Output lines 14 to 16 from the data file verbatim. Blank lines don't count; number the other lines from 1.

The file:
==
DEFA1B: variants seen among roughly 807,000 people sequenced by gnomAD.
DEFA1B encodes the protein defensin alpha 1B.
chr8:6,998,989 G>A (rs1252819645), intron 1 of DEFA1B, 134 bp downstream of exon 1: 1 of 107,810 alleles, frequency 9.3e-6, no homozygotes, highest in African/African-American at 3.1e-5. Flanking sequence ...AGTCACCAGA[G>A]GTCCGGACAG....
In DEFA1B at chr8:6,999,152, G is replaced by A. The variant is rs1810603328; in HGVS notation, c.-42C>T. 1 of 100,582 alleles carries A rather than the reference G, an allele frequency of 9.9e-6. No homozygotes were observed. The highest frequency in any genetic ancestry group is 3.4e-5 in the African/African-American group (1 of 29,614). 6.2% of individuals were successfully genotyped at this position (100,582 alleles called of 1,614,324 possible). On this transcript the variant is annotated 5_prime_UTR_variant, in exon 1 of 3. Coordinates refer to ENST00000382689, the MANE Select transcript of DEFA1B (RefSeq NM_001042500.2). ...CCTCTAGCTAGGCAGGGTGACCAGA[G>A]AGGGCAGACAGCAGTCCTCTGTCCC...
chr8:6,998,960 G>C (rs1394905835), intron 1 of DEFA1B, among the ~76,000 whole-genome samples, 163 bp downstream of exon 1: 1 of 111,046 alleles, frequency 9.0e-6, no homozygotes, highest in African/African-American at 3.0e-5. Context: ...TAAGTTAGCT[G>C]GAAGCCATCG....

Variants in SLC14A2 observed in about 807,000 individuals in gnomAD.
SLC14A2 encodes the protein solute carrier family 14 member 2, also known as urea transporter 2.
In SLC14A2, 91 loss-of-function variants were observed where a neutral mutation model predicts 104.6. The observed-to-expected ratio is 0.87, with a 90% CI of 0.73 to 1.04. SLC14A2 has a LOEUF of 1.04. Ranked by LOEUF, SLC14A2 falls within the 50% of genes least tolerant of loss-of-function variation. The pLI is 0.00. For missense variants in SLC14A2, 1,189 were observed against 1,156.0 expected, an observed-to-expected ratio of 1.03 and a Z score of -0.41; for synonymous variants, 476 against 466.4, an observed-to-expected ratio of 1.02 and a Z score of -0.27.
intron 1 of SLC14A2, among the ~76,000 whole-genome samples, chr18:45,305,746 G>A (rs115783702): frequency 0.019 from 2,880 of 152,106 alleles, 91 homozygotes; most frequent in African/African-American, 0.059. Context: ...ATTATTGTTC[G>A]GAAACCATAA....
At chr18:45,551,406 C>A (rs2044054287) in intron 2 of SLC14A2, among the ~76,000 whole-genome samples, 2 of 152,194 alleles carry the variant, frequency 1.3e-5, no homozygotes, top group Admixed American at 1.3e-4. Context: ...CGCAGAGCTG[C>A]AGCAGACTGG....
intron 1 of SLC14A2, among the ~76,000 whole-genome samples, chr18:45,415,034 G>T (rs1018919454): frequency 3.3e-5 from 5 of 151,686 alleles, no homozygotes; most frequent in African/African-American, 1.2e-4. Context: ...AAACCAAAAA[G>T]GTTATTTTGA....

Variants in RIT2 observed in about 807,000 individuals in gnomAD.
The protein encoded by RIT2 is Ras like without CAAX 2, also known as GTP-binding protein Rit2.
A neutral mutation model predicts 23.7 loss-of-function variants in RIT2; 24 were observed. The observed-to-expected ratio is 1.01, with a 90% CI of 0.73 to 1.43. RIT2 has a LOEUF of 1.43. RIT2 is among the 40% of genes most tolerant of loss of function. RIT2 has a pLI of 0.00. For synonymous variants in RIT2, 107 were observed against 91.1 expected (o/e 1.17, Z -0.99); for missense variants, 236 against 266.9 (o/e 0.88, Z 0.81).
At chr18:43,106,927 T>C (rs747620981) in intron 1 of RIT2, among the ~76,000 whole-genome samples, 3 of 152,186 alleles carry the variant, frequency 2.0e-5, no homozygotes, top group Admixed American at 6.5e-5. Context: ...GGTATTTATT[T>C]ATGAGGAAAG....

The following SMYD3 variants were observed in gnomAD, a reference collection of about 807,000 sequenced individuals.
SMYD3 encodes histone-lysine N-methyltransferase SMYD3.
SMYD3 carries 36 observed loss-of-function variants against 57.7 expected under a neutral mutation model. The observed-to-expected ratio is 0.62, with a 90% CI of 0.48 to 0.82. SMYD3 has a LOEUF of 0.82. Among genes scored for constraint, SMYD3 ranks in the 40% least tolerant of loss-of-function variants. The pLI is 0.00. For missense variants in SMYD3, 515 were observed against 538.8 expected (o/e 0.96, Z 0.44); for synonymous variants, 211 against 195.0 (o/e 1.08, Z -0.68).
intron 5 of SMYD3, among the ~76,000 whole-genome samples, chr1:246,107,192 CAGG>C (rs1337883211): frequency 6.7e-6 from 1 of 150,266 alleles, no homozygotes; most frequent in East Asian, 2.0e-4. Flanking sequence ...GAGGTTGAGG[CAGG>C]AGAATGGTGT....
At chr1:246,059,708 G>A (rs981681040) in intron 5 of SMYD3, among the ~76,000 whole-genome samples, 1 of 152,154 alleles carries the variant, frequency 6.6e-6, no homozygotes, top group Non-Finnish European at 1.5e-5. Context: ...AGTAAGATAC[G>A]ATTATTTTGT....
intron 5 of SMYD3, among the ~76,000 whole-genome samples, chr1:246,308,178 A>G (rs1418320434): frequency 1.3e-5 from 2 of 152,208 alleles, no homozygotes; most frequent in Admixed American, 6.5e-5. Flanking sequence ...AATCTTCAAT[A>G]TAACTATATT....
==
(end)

A neutral mutation model predicts 23.7 loss-of-function variants in RIT2; 24 were observed. The observed-to-expected ratio is 1.01, with a 90% CI of 0.73 to 1.43. RIT2 has a LOEUF of 1.43. RIT2 is among the 40% of genes most tolerant of loss of function. RIT2 has a pLI of 0.00. For synonymous variants in RIT2, 107 were observed against 91.1 expected (o/e 1.17, Z -0.99); for missense variants, 236 against 266.9 (o/e 0.88, Z 0.81).
At chr18:43,106,927 T>C (rs747620981) in intron 1 of RIT2, among the ~76,000 whole-genome samples, 3 of 152,186 alleles carry the variant, frequency 2.0e-5, no homozygotes, top group Admixed American at 6.5e-5. Context: ...GGTATTTATT[T>C]ATGAGGAAAG....

The following SMYD3 variants were observed in gnomAD, a reference collection of about 807,000 sequenced individuals.